Nasal cold in your baby

A nose cold in your baby is especially prevalent in the first year, on average about 10 times! After that, your child is slightly less susceptible but do not be surprised if you have to get rid of nasal spray and handkerchiefs for the 6th time in one year. In this blog you can find information about the causes of a cold, the symptoms and what you can do to the nose cold in your baby to light up.

Causes of a cold

A nose cold in your baby always starts with a virus infection by someone else. Cold viruses spread through the air (coughing, sneezing and talking) or through touches. For example, when a cold child with the hands is on the nose and then touches your child. Or touch something that your child will handle later.

With this pump you can easily remove the snot from the nose of your baby.

The closer the children are to each other and come into contact with each other (for example at the nursery), the greater the chance of a risk of infection. This also applies to adults. If you have a cold, then it is not good to cough your baby and often wash your hands.

Symptoms of nasal cold in your baby

If your baby is infected with the virus, the mucous membrane ignites in the nose causing it to produce more mucus (snot). In addition, the sinuses and usually the throat also ignite. The first symptom of a nose cold in your baby is a stuffy nose or snot from the nose. Other symptoms can be:

  • Red and / or inflamed eyes
  • Cough
  • Inflamed throat
  • Hoarseness
  • To sneeze
  • Tearing eyes
  • Howling and / or hanging

Baby snot nose

Babies are about 10 times cold in the first year. That is because your little one does not yet have a properly functioning immune system and is therefore more susceptible. The first clear signal of a nasal cold in your baby is a snot nose and a stuffy nose.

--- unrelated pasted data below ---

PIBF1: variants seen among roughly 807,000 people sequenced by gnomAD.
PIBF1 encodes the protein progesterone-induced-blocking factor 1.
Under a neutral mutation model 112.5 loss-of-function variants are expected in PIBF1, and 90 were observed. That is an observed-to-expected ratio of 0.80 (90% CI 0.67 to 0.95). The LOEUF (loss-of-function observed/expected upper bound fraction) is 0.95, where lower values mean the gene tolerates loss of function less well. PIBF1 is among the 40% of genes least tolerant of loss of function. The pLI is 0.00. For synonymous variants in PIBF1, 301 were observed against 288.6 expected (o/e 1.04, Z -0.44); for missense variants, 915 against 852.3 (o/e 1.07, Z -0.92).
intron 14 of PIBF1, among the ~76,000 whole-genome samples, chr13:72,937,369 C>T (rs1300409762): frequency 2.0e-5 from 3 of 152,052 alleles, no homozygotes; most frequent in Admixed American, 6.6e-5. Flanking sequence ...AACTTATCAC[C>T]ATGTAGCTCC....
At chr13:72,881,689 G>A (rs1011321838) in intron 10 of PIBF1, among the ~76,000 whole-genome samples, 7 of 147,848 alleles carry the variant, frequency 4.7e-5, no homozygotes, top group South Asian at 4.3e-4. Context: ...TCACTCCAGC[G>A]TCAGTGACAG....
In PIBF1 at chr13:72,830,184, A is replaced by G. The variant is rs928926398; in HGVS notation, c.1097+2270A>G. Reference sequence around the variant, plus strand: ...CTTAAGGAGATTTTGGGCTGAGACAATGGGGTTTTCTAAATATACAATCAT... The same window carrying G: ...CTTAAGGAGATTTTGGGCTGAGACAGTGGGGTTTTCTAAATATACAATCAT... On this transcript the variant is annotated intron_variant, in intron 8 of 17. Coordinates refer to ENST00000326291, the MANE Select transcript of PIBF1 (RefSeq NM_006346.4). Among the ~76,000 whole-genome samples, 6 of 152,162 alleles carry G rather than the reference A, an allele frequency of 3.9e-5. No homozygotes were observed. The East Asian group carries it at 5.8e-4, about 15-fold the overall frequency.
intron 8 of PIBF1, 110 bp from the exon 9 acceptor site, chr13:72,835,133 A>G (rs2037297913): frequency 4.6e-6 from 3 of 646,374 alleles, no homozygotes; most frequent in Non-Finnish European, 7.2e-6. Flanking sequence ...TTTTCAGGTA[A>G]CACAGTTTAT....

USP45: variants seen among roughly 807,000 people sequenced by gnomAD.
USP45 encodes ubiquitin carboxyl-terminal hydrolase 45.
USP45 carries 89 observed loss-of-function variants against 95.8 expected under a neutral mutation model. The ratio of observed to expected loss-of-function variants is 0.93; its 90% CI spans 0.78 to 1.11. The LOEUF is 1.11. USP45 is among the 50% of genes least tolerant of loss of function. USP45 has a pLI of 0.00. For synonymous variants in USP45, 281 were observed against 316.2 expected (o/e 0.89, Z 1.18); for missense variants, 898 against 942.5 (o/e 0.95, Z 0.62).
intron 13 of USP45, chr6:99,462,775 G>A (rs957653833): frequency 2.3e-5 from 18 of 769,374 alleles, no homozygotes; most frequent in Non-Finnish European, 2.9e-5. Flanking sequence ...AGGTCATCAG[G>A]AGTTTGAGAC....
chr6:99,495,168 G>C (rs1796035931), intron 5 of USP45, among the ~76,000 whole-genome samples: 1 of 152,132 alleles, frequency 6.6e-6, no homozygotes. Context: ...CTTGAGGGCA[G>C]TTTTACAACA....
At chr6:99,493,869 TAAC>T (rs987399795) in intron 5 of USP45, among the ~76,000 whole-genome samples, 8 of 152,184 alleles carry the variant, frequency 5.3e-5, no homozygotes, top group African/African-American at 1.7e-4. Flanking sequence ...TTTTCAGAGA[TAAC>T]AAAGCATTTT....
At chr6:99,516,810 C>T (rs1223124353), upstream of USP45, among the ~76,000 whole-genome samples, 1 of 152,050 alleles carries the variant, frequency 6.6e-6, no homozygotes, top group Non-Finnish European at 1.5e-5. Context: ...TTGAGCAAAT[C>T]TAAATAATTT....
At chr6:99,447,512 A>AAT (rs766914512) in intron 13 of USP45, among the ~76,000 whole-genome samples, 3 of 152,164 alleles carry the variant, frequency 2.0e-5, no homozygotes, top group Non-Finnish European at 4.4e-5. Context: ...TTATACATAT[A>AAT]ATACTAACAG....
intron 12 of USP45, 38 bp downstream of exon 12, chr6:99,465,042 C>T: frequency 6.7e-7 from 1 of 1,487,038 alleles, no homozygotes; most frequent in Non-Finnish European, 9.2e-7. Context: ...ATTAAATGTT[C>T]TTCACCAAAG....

Especially for small babies this is very annoying because they can not breathe properly through their mouths. The clearer the snot is, the better it is. Does your baby, however green-yellow snot then there can be an infection such as an inflamed nose almond. As long as your baby does not have a fever, you do not have to go to the doctor. In most cases it goes by itself.

How long does a head cold last with your baby?

On average, a cold lasts about a week, but it can be shorter or longer. If there is only a nose cold with your baby, then there is nothing to worry about. If your baby also has to cough a lot, if he or she has a fever or wheezing then it is good to go to the doctor.
Go to your doctor if your baby has a cold for a long time. Possibly there is then an enlarged throat almond or nose almond and this may have to be removed.

Cold baby 4 months

If your baby is younger than 3 months, it is wise to immediately call the doctor when your baby develops a fever. From the 4 months you must also pay attention, but in case of fever, do not call the doctor immediately. Then look at it for a day and pay attention to your child. If you find that your baby is very drowsy, stuffy, wheezing or drinking much less than normal, go to the doctor immediately.

Baby cold tips

You can not prevent a cold nose with your baby, but you can take action to relieve the symptoms:

  • Keep the nose clean with a handkerchief and use a nasal spray and nasal drops suitable for babies. Give your baby this nasal spray for every sleep so that your baby can breathe better. PLEASE NOTE: your baby is not allowed to use a nasal spray for children or adults, there are substances in which your baby can not stand. Always choose a physiological saline solution (sodium chloride).
  • Make sure your baby is drinking well
  • Steaming can help to open the stuffy nose. Do not give your baby a steam bath, but sit in the bathroom next to a steam bath or next to the shower in the steam.
  • Make sure you regularly ventilate the rooms in the house
  • Please note that your baby is not in the draft
  • Put the baby's mattress by the headboard slightly upwards, for example by putting a few rolled up towels underneath. Do not put towels or pillows in the bed, which increases the risk of suffocation
  • Pay attention to hygiene: change the bed of your baby regularly, your baby was good and your own hands were regular.
  • Do not lubricate menthol cream on the breast of your little baby before going to sleep. The skin is too sensitive for that. Instead, use a special rubbing agent for babies and small children instead. For example 'Luuf'.

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